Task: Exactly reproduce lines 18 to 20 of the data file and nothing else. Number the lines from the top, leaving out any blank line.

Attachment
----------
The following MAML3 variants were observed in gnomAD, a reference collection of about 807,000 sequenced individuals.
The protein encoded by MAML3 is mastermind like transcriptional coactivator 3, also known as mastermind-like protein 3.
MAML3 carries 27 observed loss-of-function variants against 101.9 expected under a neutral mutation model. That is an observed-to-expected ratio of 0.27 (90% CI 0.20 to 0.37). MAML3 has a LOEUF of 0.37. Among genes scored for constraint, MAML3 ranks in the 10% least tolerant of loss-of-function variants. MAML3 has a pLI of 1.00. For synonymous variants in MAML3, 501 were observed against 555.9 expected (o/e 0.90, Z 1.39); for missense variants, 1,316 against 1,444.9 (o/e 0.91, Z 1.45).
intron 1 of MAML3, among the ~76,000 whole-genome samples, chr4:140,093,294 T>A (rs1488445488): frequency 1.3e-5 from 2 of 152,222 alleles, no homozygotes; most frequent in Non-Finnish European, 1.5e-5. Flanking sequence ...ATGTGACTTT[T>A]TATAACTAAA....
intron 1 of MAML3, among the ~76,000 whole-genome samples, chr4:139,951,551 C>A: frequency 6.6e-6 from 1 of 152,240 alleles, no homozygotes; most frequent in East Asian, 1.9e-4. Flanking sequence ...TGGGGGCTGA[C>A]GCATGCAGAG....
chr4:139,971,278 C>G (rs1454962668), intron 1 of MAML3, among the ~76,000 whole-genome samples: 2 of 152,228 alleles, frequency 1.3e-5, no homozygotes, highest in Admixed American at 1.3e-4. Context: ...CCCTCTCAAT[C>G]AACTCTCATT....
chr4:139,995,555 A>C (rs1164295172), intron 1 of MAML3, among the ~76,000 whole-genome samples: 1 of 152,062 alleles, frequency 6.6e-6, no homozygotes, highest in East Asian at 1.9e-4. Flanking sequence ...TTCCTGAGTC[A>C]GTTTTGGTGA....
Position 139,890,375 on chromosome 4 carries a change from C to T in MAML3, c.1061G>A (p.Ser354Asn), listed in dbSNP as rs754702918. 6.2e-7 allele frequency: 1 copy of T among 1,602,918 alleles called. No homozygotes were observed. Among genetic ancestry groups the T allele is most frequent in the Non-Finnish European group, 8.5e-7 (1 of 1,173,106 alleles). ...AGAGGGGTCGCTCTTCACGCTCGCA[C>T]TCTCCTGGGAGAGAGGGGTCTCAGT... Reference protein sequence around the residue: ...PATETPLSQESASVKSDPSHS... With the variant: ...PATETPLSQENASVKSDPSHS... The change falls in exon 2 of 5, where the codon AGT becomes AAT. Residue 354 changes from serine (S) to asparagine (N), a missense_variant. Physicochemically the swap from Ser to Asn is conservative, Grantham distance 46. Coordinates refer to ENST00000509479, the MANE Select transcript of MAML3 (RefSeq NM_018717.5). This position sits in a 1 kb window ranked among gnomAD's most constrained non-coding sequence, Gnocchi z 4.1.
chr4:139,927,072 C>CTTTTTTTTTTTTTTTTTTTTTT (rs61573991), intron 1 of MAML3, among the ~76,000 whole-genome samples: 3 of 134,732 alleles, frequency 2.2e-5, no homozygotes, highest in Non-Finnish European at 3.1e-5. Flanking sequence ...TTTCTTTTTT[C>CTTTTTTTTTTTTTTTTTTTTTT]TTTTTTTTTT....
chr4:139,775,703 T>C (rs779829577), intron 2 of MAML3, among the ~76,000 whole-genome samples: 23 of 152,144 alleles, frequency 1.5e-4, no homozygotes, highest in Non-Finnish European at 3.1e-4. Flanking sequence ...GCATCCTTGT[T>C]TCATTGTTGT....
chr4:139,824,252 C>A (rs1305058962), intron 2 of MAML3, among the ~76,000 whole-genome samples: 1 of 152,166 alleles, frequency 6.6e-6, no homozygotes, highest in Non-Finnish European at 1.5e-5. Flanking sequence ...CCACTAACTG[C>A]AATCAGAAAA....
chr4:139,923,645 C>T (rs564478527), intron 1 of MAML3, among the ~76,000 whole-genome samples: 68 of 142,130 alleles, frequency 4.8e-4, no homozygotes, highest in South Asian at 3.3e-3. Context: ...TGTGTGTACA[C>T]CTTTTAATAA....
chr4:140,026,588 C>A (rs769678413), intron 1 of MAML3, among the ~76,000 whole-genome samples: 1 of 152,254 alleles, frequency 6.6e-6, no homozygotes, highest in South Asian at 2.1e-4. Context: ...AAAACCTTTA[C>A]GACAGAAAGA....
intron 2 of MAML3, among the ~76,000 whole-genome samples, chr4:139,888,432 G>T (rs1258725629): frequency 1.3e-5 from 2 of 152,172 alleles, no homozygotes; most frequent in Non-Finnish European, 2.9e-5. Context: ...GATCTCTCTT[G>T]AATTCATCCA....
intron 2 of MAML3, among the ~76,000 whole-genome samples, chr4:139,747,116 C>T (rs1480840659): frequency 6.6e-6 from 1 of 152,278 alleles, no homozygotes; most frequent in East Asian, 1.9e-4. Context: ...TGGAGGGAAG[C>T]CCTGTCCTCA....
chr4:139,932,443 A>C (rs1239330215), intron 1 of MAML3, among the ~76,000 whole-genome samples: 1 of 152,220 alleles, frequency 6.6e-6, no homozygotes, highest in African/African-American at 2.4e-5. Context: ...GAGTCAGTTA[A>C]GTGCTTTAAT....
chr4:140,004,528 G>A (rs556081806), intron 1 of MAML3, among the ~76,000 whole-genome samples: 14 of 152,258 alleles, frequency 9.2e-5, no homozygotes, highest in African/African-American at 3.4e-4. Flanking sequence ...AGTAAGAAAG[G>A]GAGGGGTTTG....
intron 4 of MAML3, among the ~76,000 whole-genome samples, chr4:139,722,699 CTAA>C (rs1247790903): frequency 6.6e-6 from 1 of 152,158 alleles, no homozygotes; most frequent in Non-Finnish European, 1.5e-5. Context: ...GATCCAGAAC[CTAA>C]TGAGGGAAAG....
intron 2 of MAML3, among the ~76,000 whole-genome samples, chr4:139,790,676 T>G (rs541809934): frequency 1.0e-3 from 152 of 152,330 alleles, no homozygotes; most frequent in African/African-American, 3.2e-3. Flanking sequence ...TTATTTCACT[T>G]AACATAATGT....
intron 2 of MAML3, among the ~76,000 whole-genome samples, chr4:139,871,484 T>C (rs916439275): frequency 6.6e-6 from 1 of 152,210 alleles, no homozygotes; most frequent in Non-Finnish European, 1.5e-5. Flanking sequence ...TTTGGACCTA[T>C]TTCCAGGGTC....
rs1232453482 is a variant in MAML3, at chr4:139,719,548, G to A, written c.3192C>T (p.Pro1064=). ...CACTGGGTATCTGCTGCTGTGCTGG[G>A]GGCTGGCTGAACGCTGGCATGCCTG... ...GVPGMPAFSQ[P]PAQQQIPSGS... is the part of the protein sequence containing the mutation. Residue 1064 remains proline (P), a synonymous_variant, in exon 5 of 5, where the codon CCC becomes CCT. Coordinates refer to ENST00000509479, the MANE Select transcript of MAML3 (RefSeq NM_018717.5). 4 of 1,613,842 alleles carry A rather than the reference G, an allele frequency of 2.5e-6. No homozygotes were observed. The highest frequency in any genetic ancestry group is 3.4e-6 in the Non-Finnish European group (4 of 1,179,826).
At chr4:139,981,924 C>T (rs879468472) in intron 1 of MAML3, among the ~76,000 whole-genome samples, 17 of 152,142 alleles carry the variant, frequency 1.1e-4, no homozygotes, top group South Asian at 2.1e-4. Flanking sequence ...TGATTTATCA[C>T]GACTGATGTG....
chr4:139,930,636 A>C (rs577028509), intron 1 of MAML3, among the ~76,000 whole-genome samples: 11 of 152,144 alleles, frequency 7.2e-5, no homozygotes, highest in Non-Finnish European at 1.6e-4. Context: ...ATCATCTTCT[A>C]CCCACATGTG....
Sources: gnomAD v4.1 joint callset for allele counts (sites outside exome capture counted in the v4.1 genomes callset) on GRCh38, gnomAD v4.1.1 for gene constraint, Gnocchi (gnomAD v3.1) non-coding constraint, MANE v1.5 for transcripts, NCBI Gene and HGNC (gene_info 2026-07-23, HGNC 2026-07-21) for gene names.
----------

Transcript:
intron 4 of MAML3, among the ~76,000 whole-genome samples, chr4:139,722,699 CTAA>C (rs1247790903): frequency 6.6e-6 from 1 of 152,158 alleles, no homozygotes; most frequent in Non-Finnish European, 1.5e-5. Context: ...GATCCAGAAC[CTAA>C]TGAGGGAAAG....
intron 2 of MAML3, among the ~76,000 whole-genome samples, chr4:139,790,676 T>G (rs541809934): frequency 1.0e-3 from 152 of 152,330 alleles, no homozygotes; most frequent in African/African-American, 3.2e-3. Flanking sequence ...TTATTTCACT[T>G]AACATAATGT....
intron 2 of MAML3, among the ~76,000 whole-genome samples, chr4:139,871,484 T>C (rs916439275): frequency 6.6e-6 from 1 of 152,210 alleles, no homozygotes; most frequent in Non-Finnish European, 1.5e-5. Flanking sequence ...TTTGGACCTA[T>C]TTCCAGGGTC....